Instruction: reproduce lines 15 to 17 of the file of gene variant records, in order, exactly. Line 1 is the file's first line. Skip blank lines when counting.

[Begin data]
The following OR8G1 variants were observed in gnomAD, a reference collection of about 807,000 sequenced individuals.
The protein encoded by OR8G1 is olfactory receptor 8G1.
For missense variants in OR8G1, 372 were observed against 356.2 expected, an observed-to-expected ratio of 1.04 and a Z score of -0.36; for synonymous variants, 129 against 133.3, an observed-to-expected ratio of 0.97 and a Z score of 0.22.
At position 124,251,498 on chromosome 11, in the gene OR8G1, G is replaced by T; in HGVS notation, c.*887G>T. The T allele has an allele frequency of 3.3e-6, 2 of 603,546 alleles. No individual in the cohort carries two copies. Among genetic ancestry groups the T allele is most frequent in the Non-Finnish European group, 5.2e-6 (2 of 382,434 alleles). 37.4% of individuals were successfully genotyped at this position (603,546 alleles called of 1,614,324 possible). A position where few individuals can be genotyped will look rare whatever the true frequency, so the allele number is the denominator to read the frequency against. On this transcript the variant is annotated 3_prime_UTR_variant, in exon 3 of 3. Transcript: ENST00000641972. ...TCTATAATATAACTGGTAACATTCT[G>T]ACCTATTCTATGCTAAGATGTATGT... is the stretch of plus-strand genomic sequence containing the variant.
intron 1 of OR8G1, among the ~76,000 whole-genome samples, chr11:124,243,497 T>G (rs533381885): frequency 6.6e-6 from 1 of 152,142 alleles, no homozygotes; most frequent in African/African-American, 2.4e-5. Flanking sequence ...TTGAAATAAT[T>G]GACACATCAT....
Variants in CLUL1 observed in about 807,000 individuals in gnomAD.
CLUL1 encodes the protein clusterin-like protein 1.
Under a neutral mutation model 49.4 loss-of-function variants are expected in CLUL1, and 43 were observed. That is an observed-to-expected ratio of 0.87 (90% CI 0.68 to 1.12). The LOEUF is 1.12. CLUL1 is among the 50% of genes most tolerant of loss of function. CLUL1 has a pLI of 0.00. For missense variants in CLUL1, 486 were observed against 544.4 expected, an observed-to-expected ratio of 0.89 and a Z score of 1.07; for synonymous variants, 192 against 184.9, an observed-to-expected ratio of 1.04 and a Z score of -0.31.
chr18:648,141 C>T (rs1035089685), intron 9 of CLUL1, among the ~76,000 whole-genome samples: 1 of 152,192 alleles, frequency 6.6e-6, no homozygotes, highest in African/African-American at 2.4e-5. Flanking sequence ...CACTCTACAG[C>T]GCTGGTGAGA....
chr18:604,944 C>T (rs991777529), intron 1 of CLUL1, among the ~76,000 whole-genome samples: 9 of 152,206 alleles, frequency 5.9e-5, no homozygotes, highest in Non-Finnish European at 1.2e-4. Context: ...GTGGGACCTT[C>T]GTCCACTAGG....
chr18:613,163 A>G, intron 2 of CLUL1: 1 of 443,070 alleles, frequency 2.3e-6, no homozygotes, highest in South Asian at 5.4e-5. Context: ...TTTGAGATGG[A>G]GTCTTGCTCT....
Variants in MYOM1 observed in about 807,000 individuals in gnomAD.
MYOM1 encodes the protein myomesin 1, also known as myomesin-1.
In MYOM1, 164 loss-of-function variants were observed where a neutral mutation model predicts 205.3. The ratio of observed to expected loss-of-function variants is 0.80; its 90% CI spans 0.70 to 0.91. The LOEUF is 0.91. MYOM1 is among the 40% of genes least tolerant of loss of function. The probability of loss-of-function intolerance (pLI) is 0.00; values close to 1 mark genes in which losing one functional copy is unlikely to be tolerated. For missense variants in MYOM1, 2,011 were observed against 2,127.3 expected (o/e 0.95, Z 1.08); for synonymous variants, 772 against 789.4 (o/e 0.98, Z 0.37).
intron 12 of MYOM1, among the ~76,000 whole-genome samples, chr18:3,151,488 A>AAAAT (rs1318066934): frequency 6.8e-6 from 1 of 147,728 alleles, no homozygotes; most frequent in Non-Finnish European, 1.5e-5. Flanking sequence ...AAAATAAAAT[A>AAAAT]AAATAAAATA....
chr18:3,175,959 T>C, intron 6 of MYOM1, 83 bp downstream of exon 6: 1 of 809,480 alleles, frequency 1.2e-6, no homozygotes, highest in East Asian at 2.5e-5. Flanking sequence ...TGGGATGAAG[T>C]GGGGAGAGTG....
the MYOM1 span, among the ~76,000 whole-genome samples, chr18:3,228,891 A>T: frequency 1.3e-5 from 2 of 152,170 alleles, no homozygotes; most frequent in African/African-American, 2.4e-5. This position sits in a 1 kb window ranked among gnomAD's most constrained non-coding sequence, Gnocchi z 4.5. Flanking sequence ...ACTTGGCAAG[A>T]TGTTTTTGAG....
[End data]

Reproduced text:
intron 12 of MYOM1, among the ~76,000 whole-genome samples, chr18:3,151,488 A>AAAAT (rs1318066934): frequency 6.8e-6 from 1 of 147,728 alleles, no homozygotes; most frequent in Non-Finnish European, 1.5e-5. Flanking sequence ...AAAATAAAAT[A>AAAAT]AAATAAAATA....
chr18:3,175,959 T>C, intron 6 of MYOM1, 83 bp downstream of exon 6: 1 of 809,480 alleles, frequency 1.2e-6, no homozygotes, highest in East Asian at 2.5e-5. Flanking sequence ...TGGGATGAAG[T>C]GGGGAGAGTG....
the MYOM1 span, among the ~76,000 whole-genome samples, chr18:3,228,891 A>T: frequency 1.3e-5 from 2 of 152,170 alleles, no homozygotes; most frequent in African/African-American, 2.4e-5. This position sits in a 1 kb window ranked among gnomAD's most constrained non-coding sequence, Gnocchi z 4.5. Flanking sequence ...ACTTGGCAAG[A>T]TGTTTTTGAG....